The probable role of KIM-1 as a biomarker of kidney injury might be explained in part by a weak positive correlation between urinary KIM-1 and MAU with statistical significance (Figure 2 A) These results were similar to other studies which showed a positive correlation between KIM-1 with MAU, serum creatinine and blood urea nitrogen (BUN) [7, 17]. Therefore, an increase in KIM-1 level could be associated with a rapid decline in renal function [17]. However, this positive correlation did not hold between KIM-1 and creatinine (Figure 2 B), demonstrating that unlike KIM-1 levels, which may decrease due to treatment effect, creatinine levels may continue to increase as renal function deteriorates [15]. Participants with kidney damage, nevertheless, had significantly higher levels of creatinine (Figure 1 B), urea, potassium and chloride, and significantly lower sodium levels (Table 1). These results were characteristic of kidney injury with a decline of renal function in the group with kidney disease [17, 21]. Specifically, failure of the kidneys to excrete urea and creatinine, and increased loss of potassium with impaired sodium reabsorption in kidney disease [22]. Furthermore, the group with kidney disease showed significantly higher MAU concentration than the control group (Figure 1 C). Increased MAU/ albuminuria signal an increased risk of death, cardiovascular disease and kidney disease progression [23, 24]. MAU has emerged as a strong candidate in the prediction of renal risk in hypertensive as well as diabetic patients, it has been proposed that this condition may signal the presence of functional and / or structural renal abnormalities that precede and predict the onset of GFR deterioration [25]. Our results demonstrate the importance of MAU as a biomarker of kidney injury in participants with kidney disease, which is further justified by the moderate positive correlation between MAU and creatinine with statistical significance (Figure 2 C). These results are similar to other studies, which reported a positive correlation between MAU and creatinine in impaired kidney function [26].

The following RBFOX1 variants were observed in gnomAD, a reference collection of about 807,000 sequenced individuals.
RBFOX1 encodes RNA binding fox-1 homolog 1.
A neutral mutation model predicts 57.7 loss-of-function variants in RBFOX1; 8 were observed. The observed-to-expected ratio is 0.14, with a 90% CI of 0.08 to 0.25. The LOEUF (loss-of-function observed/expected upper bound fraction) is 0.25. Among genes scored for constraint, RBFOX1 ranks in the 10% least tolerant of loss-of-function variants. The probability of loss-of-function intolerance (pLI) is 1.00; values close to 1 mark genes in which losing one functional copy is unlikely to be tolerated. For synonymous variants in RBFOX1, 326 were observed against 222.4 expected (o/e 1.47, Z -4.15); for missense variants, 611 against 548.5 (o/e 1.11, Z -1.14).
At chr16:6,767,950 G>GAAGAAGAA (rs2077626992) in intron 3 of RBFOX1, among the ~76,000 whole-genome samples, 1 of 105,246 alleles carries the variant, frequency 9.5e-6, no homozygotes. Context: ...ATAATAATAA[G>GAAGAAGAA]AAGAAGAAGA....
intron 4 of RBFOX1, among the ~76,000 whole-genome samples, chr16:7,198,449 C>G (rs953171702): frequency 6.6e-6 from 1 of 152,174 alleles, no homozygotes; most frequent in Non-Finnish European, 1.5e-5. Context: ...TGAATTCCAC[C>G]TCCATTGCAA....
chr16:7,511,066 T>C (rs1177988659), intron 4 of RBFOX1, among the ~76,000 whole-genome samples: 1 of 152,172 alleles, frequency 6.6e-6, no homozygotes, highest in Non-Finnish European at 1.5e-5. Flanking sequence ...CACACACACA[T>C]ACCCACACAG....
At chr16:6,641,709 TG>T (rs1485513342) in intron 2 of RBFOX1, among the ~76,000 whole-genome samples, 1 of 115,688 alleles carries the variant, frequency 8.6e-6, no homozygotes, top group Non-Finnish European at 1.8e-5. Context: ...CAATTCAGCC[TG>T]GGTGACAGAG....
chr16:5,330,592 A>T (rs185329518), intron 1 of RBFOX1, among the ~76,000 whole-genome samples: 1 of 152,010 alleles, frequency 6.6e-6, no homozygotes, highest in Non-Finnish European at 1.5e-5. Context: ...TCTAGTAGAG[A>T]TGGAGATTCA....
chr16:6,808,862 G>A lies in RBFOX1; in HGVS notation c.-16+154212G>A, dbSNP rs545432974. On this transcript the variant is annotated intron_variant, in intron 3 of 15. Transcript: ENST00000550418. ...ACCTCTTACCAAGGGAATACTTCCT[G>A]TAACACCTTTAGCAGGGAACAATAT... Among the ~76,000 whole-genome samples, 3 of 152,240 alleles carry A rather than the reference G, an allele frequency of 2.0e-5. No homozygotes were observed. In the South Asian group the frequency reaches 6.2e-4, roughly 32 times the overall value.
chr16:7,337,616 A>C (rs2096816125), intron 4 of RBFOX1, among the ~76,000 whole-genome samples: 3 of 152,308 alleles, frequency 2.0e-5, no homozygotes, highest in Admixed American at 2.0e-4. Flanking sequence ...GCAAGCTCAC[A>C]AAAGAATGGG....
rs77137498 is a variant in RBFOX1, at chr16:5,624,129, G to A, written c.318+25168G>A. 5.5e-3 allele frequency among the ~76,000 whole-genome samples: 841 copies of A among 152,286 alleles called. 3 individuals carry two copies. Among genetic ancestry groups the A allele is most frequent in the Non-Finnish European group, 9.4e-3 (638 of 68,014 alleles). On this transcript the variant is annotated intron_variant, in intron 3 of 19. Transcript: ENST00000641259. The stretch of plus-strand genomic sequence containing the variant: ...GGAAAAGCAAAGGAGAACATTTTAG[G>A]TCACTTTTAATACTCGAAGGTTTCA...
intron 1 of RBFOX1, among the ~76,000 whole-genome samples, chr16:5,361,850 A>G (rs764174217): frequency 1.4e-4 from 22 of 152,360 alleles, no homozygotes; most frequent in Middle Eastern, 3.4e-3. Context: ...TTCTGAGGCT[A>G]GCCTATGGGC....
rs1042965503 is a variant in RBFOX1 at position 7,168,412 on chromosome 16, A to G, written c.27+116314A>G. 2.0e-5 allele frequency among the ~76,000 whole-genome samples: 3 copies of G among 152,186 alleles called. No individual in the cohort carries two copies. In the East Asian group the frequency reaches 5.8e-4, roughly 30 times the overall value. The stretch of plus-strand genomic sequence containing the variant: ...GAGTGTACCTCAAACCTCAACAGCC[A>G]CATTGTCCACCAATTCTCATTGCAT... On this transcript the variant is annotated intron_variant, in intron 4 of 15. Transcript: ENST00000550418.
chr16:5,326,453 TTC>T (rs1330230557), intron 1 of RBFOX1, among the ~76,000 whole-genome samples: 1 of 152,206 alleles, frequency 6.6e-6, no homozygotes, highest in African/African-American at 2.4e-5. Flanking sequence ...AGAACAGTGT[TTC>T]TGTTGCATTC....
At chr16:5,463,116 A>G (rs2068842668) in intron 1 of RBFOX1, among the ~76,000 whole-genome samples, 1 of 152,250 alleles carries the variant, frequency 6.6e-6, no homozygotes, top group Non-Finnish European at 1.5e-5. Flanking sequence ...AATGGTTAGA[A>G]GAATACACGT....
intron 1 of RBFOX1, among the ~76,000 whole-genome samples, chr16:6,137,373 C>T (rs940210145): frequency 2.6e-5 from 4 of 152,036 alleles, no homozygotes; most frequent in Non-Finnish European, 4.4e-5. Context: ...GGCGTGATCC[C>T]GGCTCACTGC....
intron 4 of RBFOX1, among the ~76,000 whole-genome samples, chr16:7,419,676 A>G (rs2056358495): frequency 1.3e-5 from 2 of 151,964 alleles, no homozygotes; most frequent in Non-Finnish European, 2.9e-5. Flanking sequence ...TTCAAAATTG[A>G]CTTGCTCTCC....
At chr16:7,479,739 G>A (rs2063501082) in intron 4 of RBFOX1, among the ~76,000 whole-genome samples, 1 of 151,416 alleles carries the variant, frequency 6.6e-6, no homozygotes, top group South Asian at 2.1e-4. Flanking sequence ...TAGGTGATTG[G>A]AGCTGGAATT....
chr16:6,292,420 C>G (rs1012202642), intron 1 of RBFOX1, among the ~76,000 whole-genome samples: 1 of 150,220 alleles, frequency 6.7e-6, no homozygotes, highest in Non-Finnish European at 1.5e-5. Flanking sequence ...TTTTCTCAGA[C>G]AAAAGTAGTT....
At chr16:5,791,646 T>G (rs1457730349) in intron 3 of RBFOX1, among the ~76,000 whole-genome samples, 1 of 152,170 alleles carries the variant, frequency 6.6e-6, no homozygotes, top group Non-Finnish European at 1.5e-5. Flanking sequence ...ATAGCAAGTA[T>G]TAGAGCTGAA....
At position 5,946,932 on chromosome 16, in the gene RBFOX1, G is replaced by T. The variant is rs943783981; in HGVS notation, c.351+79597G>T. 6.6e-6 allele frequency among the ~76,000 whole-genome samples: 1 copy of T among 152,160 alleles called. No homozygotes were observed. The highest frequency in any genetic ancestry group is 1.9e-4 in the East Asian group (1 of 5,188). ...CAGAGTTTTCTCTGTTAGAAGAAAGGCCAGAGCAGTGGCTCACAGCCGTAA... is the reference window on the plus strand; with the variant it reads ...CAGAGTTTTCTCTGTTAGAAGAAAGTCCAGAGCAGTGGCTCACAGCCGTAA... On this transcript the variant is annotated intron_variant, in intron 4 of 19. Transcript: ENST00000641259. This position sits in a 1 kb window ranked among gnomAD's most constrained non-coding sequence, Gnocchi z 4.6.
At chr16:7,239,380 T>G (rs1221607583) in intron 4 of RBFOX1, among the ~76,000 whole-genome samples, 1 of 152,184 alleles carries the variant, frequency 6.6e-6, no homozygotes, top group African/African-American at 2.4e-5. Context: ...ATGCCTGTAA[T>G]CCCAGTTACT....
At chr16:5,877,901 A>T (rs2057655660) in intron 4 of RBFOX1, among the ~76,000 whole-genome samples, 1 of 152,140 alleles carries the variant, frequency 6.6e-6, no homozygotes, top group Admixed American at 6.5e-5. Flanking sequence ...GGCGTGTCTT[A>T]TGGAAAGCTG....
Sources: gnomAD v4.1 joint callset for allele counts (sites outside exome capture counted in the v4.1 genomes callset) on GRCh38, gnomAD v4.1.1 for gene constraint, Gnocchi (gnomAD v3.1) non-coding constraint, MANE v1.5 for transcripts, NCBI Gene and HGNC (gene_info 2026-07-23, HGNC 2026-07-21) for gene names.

Conclusion Up    Down

Our study showed that there was no difference in KIM-1 levels between participants with kidney disease and those without kidney disease. MAU levels and serum creatinine levels were consistently higher and positively correlated in participants with kidney disease. Thus, the finding shows that MAU and serum creatinine should be the biomarkers of choice for the diagnosis and monitoring of renal damage. However, prospective studies are needed to investigate the role of KIM-1 in predicting kidney injury or its reversibility following treatment.

What is known about this topic

  • Kidney injury molecule-1 (KIM-1) expression can persist until the damaged cells have completely recovered;
  • Though insensitive to early kidney damage, urea and creatinine are currently the biomarker of choice in the diagnosis of kidney injury;
  • Following renal injury, there are increased levels of intact albumin in the urine.

What this study adds

  • Unlike other studies which have indicated that KIM-1 is not present in normal kidneys, this study showed that it is actually present;
  • The study also showed that currently creatinine and urea are still better biomarkers in the diagnosis of kidney damage compared to KIM-1 and that microalbuminuria is a better biomarker of kidney damage than KIM-1;
  • The study also adds to the Zambian pool of scientific knowledge in that no other studies have determined KIM-1 levels in the Zambian population.



Competing interests Up    Down

The authors declare no competing interests.



Authors’ contributions Up    Down

All authors have read and agreed to the final manuscript.



Acknowledgments Up    Down

This work -was financially supported by grant #5R24TW008873 administered by the Fogarty International Center of the National Institutes of Health and Funded by OGAC and OAR, and also by the University of Zambia Staff Development Office.



Table and figures Up    Down

Table 1: clinical and biochemical mean difference between participants with kidney disease and controls without kidney disease

Figure 1: A) mean difference of KIM-1 Levels: KIM-1 levels by ELISA in 40 participants with kidney disease and 40 participants without kidney disease; B) mean difference of microalbumin levels: microalbumin levels by ELISA in 40 participants with kidney disease and 40 participants without kidney disease; C) mean difference of creatinine levels: serum creatinine levels by ELISA in 40 participants with kidney disease and 40 participants without kidney disease

Figure 2: correlations of microalbumin, creatinine and KIM-1 in participants with kidney disease: A) microalbumin showed a weak positive correlation to KIM-1 with statistical significance; B) serum creatinine showed a non-significant weak positive correlation to KIM-1; C) microalbumin showed a moderate positive correlation to creatinine with statistical significance